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Mayor John Tory now has the power to make decisions without city council votes
As cases of COVID-19 rise in the city, Mayor John Tory declared a state of emergency in Toronto to help fight the pandemic.
But what does that mean, exactly?
“This gives me the authority to make any decision that council could make,” Tory said this afternoon in a news conference streamed from his home, where he’s currently in self-isolation following a trip to London, England.
Under the advice of city’s chief medical officer of health Dr. Eileen de Villa and fire chief and general manager of emergency management, Matthew Pegg, Tory signed the declaration Monday afternoon.
The declaration comes in the wake of Toronto’s first COVID-19 death this past weekend and the increasing number of cases in the city. Today, de Villa confirmed there were now 239 positive cases in Toronto, up from 220 yesterday.
Tory also stressed the importance of maintaining physical distance in the next few days to slow the spread of coronavirus.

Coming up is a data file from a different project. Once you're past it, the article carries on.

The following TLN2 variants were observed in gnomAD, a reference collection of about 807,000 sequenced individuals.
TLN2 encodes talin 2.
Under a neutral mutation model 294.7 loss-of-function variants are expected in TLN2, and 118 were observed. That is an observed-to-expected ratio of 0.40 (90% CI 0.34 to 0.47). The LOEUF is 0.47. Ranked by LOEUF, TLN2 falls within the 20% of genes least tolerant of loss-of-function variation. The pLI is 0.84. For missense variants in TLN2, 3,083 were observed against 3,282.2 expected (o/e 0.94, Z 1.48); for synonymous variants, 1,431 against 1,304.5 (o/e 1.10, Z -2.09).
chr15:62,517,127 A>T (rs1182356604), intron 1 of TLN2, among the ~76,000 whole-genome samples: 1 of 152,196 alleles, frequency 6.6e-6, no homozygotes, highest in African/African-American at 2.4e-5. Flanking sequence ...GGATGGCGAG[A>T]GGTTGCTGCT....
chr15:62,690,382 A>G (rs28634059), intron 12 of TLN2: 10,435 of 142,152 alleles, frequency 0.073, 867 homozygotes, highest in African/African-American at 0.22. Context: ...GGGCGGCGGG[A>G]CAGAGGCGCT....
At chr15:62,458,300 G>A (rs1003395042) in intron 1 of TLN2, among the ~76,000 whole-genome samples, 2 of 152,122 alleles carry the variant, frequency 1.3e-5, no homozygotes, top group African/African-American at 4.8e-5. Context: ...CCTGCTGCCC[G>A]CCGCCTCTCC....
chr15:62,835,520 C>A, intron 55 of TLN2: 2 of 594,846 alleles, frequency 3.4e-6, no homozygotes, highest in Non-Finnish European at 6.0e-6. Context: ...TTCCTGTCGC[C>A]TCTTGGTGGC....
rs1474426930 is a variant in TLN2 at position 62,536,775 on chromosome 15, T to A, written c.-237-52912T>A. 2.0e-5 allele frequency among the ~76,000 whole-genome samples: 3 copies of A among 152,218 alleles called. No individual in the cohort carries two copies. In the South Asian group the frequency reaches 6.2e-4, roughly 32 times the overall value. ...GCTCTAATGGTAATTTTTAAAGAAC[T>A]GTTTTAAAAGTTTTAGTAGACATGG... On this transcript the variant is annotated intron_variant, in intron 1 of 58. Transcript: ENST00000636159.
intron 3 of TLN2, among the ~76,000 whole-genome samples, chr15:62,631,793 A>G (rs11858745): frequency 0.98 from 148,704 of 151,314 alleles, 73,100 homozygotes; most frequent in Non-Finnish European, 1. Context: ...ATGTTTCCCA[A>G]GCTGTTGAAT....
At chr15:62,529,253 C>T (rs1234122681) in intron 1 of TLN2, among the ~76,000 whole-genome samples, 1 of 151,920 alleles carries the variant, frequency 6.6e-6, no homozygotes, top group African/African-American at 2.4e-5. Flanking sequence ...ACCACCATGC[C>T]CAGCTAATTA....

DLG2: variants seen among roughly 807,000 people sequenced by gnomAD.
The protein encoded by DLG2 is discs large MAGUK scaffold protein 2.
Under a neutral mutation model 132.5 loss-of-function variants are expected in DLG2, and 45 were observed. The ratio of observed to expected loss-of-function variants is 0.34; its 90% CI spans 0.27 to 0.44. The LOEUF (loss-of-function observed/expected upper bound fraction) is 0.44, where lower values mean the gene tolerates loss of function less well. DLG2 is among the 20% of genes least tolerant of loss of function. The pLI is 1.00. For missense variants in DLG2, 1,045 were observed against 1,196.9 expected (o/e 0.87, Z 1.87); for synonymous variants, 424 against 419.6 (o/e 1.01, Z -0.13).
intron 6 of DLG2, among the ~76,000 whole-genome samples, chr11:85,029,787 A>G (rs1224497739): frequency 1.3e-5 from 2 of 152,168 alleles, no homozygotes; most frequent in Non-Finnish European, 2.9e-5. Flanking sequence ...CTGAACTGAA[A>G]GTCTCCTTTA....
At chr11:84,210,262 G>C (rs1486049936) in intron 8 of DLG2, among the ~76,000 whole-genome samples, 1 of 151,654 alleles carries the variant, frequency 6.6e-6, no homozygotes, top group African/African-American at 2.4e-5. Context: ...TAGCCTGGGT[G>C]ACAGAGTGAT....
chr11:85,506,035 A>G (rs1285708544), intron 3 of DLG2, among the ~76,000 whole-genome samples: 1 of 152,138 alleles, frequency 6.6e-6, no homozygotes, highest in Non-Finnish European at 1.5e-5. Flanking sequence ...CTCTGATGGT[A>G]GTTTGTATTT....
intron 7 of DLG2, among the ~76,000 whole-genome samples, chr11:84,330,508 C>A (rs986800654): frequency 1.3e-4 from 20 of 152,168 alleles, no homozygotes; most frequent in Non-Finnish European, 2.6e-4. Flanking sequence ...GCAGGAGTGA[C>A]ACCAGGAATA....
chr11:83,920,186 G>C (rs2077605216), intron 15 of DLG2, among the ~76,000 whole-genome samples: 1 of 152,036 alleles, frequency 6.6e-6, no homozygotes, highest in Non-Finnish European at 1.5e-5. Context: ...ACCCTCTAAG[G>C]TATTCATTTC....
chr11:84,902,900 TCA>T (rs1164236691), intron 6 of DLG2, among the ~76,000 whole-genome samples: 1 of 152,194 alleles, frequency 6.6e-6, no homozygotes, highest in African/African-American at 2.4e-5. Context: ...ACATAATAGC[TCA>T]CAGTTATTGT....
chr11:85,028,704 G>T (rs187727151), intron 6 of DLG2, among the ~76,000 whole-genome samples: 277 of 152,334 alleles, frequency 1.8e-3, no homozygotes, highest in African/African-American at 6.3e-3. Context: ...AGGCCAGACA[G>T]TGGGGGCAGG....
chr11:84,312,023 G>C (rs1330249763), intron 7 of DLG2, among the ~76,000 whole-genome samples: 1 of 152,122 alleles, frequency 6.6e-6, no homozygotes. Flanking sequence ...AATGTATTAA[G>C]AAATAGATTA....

“This declaration sends the strongest possible message to our residents to stay home and to change their behaviour,” Tory said.
Tory said his new powers give him the flexibility to make decisions quickly, but added that he does not any measures specifically planned as of yet.
For example, he said he could impose measures to keep people apart at playgrounds or take down basketball hoops to discourage large pick-up games.
Mississauga announced on Monday that it would be closing its parks, basketball courts, playgrounds and skate parks in an effort to curb physical contact. Tory’s emergency powers last 30 days, but city council an authorize an extension.
The mayor said any decisions he makes under the declaration will be made upon advice from city councillors, city staff and in consultation with the premier and other governments.
Several city councillors from across the political spectrum tweeted their support for the mayor’s declaration.
Earlier today, Premier Doug Ford announced that the mandatory closure of all non-essential businesses in Ontario by Tuesday, March 24 at 11:59 pm for at least 14 days. Tomorrow the province will release a list of essential workplaces.
In the city’s daily afternoon press briefing, Pegg confirmed that the following city services would continue to operate: